Tonypa's tile-based tutorials (updated)
[ September 03, 2004 ] by Tonu Paldra, alias Tonypa
A long, well organized and in depth series of articles that cover all the aspects of tile-based games: moving, jumping, scrolling, shooting and much more!

Why tiles?
Map format
More maps
Creating tiles
The hero
Keys to move
Hit the wall
Open the door
Stupid enemy
More on enemy
Shoot him
Getting items
Moving tiles
More scrolling
Isometric view
Mouse to move
Isometric mouse
Isometric scroll
Rotate hero
Rotate bground
More pathfinding


How long can you stay in one room? How long will you look at same picture? Yep, we need more rooms to explore. That means a way to change the map, create new room from tiles and place the hero in correct position.

To make two rooms, we declare two maps:

myMap1 = [
[1, 1, 1, 1, 1, 1, 1, 1],
[1, 0, 0, 0, 0, 0, 0, 1],
[1, 0, 1, 0, 0, 0, 0, 1],
[1, 0, 0, 0, 0, 1, 0, 1],
[1, 0, 0, 0, 0, 0, 0, 2],
[1, 1, 1, 1, 1, 1, 1, 1]

myMap2 = [
[1, 1, 1, 1, 1, 1, 1, 1],
[1, 0, 0, 0, 0, 0, 0, 1],
[1, 0, 1, 0, 0, 0, 0, 1],
[1, 0, 0, 0, 0, 1, 0, 1],
[3, 0, 0, 0, 0, 0, 0, 1],
[1, 1, 1, 1, 1, 1, 1, 1]

In the game object we also set the number of currently used map:

game={tileW:30, tileH:30, currentMap:1}

So, we start exploring in the myMap1. To call buildMap function, we calculate the map needed with _root["myMap"+game.currentMap] when currentMap is 1, we will get myMap1:

buildMap(_root["myMap" + game.currentMap])

Next we need new object to represent the doors:

game.Doors = function (newmap, newcharx, newchary)
	this.newmap = newmap;
	this.newcharx = newcharx;
	this.newchary = newchary;

game.Doors.prototype.walkable = true;
game.Doors.prototype.frame = 3;
game.Doors.prototype.door = true;
game.Tile2 = function () { };
game.Tile2.prototype = new game.Doors(2, 1, 4);
game.Tile3 = function () { };
game.Tile3.prototype = new game.Doors(1, 6, 4);

As you probably already guessed, door tile can be stepped on, it shows frame 3 and it has new property "door" set to "true". We will use this property to determine if hero is standing on the door.

The doors use something called "inheritance", which may sound terrible, but is actually a good thing. The "doors" objects are all created using "Doors" template and all the tiles containing doors inherit all the properties of "door" object, for example they all are walkable and show frame 3.

Every door we crate must have following information: what number of map to show next, what is the new x and y position of our character. If you dont move the character to new position, then tiles will be changed, but hero stays at the same spot and this doesnt look correct. Word of caution about new coordinates for the hero. You should avoid placing hero in the next map also on the door tile as if he just stepped in from the wall. If new x/y position is also door, then as soon player moves, this next door in new map is detected and hero is sent back. Remember, place your hero next to door tile in new map!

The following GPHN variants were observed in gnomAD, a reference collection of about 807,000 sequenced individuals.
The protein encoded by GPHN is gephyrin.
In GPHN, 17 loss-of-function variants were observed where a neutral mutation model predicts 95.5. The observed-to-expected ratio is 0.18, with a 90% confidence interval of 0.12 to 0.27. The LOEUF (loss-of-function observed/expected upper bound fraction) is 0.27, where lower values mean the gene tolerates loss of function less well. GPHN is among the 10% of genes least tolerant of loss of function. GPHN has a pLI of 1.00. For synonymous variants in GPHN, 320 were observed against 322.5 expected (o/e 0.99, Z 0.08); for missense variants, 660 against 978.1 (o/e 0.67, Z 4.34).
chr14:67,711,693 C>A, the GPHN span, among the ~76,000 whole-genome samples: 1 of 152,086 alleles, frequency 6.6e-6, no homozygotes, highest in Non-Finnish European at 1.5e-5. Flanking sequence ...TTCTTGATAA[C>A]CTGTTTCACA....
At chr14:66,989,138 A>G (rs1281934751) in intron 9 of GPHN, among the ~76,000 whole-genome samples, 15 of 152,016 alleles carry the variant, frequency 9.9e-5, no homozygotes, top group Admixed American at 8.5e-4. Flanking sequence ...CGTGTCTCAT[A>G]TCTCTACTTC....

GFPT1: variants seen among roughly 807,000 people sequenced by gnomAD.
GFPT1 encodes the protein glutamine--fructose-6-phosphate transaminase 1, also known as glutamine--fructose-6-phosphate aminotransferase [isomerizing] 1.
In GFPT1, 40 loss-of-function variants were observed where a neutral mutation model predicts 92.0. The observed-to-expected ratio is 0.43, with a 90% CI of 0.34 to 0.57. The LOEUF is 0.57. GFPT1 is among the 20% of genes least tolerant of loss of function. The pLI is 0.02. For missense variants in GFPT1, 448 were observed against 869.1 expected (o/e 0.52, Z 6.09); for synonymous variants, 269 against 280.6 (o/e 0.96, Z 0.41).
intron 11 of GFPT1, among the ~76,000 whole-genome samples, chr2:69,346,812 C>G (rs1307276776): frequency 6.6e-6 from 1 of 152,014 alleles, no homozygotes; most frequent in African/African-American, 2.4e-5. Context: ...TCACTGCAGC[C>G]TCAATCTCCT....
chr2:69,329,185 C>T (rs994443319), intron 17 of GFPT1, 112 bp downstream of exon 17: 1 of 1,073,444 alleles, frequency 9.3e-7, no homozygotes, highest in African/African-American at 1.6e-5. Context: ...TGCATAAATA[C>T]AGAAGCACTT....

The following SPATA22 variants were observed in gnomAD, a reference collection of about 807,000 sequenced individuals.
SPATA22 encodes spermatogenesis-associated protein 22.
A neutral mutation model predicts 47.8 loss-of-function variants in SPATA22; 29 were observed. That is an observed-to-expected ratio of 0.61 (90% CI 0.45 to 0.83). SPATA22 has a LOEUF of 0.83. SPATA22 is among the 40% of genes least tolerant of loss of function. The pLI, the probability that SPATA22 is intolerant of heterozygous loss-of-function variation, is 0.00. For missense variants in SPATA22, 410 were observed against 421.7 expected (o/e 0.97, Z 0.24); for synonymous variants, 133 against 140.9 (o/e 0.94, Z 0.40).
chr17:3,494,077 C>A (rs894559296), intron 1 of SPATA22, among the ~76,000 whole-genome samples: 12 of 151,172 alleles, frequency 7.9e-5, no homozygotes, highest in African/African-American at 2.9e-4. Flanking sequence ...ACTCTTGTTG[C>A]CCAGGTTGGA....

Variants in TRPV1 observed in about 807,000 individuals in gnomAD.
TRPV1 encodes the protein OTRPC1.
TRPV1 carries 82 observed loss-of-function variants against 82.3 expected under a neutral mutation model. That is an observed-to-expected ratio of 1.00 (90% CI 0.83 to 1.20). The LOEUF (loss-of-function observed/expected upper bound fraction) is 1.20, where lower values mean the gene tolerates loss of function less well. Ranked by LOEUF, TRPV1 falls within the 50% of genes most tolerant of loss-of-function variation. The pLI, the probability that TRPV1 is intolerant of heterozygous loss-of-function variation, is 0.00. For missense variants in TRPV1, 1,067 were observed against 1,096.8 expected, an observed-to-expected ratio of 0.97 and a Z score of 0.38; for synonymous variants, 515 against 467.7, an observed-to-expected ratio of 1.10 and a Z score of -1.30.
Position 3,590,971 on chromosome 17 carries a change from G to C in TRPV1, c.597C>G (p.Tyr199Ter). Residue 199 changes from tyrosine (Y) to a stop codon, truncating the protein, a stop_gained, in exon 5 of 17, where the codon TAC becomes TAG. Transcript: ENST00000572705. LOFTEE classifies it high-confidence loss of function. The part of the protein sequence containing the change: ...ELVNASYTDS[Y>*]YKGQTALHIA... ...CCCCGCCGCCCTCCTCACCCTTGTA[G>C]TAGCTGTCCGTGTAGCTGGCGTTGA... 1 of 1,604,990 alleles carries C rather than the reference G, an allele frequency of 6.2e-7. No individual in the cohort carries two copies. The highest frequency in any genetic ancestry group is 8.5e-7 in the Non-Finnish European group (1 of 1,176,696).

When new door object is made, we pass 3 variables to it: newmap, newcharx, newchary. And new door object will have those values attached to its properties. So, when number 2 is set in the map array, we know its going to be made from Tile2 template and since Tile2 objects are created from Doors templates, it will have all the properties of Doors object. Tile2 object passes newmap=2 to the Doors template, so all the Tile2 objects will send hero to the map2. You can have more then 1 similar door in the game. You may want to put Tile2 type doors in several maps, and they all send hero to the map2.


In the moveChar function add this code to the end, just before returning true:

if (game["t_" + ob.ytile + "_" + ob.xtile].door and ob == _root.char)

Here after we have moved the char (or some other moving object) we will check if the tile char is standing now, is door. As we dont want map to change when bullet or enemy steps on the door tile, we will also check if current object is the hero. We will use changeMap function for the map change:

function changeMap(ob)
	var name = "t_" + ob.ytile + "_" + ob.xtile;
	game.currentMap = game[name].newMap;
	ob.ytile = game[name].newchary;
	ob.xtile = game[name].newcharx;
	ob.frame = ob.clip._currentframe;
	buildMap(_root["myMap" + game.currentMap]);

This code should be pretty obvious, get the values from the door tile and update variables of currentMap, ytile and xtile. The new property ob.frame will save current direction of the hero. Without this trick, our hero would start in frame1 every time he enters new map. You would also need to add line in the buildMap function after you have placed the char clip:


Thats it, make some maps and play with doors.

You can download the source fla with all the code and movie set up here.

Name: Tonu Paldra, alias Tonypa
Location: Estonia
Age: 34
Flash experience: Discovered Flash4 in the year 2000 and fell in love with it. Abandoned Flash4, when they ended Flash4 help forum in Flashkit. Been playing with Flash only in spare time, thinking its great hobby
Job: Magazine designer
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